Why “keeping up” can hold us back

The subject of this article, by Julie Bosman, in the New York Times:

Writer’s Cramp: In the E-Reader Era, a Book a Year Is Slacking

made me itchy and anxious—particularly this quote: “Everybody’s doing a little more,” said Mr. [Lee] Child (a British author), who is published by Delacorte Press, part of Random House. “It seems like we’re all running faster to stay in the same place.”

Itchy and anxious, this is, until I remembered that trying to “keep up” (no matter what I’m trying to do) had always make me itchy and nervous. I had momentarily been seduced by the idea that if I do something formulaic, trendy, in, popular, I can “get to” where I “need to be” and “then everything will work out.”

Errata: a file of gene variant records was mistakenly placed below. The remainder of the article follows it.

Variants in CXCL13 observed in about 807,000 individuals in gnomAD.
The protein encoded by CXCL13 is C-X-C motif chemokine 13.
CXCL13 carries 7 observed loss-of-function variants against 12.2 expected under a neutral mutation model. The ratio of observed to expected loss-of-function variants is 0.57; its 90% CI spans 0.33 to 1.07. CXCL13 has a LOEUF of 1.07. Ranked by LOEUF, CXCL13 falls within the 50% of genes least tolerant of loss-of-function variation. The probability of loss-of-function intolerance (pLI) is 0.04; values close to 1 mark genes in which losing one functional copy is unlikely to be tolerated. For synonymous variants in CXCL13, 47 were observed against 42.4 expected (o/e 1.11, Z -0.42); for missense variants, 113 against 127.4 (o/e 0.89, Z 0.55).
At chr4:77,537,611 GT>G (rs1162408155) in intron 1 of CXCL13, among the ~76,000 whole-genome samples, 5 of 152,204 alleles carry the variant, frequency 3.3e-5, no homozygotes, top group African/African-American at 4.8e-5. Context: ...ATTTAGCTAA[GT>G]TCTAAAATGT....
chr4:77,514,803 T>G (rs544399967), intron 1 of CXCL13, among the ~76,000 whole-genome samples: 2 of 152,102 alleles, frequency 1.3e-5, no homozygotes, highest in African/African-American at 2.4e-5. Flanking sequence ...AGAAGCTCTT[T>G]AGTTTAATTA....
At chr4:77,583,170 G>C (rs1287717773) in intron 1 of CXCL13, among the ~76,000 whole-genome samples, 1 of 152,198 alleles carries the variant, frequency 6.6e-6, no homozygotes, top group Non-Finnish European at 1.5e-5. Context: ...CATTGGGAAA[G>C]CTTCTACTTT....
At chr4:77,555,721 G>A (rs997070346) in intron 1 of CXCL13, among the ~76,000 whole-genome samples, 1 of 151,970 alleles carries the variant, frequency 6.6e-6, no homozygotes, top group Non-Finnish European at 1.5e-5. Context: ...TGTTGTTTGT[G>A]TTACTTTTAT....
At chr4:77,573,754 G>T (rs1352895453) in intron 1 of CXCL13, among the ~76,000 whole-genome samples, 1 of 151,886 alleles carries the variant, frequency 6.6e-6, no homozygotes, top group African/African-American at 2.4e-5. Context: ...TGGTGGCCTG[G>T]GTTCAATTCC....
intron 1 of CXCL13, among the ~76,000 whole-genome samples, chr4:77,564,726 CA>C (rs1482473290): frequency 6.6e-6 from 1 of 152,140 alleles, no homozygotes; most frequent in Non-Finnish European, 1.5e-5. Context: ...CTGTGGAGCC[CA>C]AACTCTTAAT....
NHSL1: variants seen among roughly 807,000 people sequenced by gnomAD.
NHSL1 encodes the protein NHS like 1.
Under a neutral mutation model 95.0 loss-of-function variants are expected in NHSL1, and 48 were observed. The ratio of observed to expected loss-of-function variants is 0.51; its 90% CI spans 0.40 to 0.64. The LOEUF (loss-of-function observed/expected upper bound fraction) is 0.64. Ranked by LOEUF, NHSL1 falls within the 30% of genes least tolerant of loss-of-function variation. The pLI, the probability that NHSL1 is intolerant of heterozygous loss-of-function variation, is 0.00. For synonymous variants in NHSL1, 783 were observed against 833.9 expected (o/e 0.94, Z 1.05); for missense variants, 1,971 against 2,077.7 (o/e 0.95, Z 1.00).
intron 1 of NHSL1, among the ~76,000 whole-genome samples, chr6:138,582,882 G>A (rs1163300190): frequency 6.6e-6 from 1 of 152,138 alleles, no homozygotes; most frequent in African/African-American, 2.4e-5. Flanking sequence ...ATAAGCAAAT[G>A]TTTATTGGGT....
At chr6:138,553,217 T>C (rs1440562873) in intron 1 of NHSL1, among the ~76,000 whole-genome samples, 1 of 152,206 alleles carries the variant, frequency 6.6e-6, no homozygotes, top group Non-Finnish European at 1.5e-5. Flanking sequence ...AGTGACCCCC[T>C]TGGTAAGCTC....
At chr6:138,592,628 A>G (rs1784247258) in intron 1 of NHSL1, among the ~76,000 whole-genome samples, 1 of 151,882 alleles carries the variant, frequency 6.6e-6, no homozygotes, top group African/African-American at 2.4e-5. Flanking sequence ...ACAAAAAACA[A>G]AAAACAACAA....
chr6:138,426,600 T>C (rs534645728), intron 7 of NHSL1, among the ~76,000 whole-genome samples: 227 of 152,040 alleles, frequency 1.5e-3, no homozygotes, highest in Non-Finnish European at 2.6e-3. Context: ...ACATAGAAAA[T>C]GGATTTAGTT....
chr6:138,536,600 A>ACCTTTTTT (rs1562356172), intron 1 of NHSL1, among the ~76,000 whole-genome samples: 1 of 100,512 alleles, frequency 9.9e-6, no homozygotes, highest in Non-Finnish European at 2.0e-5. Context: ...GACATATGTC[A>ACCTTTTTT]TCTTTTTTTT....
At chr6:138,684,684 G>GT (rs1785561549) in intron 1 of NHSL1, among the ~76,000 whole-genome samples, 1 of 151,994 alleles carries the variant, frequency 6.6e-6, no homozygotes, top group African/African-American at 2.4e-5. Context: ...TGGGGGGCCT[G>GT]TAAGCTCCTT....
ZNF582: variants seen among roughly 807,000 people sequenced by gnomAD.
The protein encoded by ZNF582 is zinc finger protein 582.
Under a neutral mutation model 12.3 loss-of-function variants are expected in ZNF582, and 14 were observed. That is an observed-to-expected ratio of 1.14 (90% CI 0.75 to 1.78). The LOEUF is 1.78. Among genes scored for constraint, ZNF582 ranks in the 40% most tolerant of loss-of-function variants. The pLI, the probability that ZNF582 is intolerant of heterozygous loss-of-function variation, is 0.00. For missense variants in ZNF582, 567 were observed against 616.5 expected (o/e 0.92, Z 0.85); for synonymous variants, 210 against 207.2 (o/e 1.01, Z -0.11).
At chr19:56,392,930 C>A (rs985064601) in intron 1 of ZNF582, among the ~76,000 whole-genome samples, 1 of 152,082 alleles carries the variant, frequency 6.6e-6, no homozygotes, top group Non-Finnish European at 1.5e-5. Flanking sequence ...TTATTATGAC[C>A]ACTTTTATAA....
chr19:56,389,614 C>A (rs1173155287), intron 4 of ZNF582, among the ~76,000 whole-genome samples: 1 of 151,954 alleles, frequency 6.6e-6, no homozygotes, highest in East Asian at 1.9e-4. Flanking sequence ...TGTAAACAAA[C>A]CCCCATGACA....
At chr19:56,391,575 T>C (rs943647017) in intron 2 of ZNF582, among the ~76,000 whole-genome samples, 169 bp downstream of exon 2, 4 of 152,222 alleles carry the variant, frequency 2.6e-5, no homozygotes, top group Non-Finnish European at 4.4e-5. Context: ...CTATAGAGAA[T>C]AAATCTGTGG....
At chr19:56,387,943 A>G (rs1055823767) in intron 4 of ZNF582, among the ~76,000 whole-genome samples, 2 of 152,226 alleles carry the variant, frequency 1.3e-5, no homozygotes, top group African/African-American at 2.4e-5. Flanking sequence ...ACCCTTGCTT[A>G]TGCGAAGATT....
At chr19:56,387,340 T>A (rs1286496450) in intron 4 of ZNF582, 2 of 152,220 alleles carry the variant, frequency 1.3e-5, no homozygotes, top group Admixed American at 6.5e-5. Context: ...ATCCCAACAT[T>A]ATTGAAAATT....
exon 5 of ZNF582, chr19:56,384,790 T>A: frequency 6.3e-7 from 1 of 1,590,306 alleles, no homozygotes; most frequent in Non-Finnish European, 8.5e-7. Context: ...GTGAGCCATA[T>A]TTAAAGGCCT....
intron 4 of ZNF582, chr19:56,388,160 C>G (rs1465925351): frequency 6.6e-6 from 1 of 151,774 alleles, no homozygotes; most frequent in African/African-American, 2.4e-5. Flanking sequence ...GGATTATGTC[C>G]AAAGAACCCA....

Where I need to be has never, I don’t think, turned out to be where I thought I needed to be.

I am not talking about following a creative path, or doing what a writer (or any creative or professional, for that matter) needs to do to foster their creations and bring their words and work into the world. But it’s when I start listening to “how it is right now” and “what authors need to do” and “everyone needs to do it this way, but not too much this way” that I shut down.

“How it is right now” may be how it is, but why do I have to keep (over and over) regarding that “how it is-ness” as the only thing that is?

I don’t. Nor do you.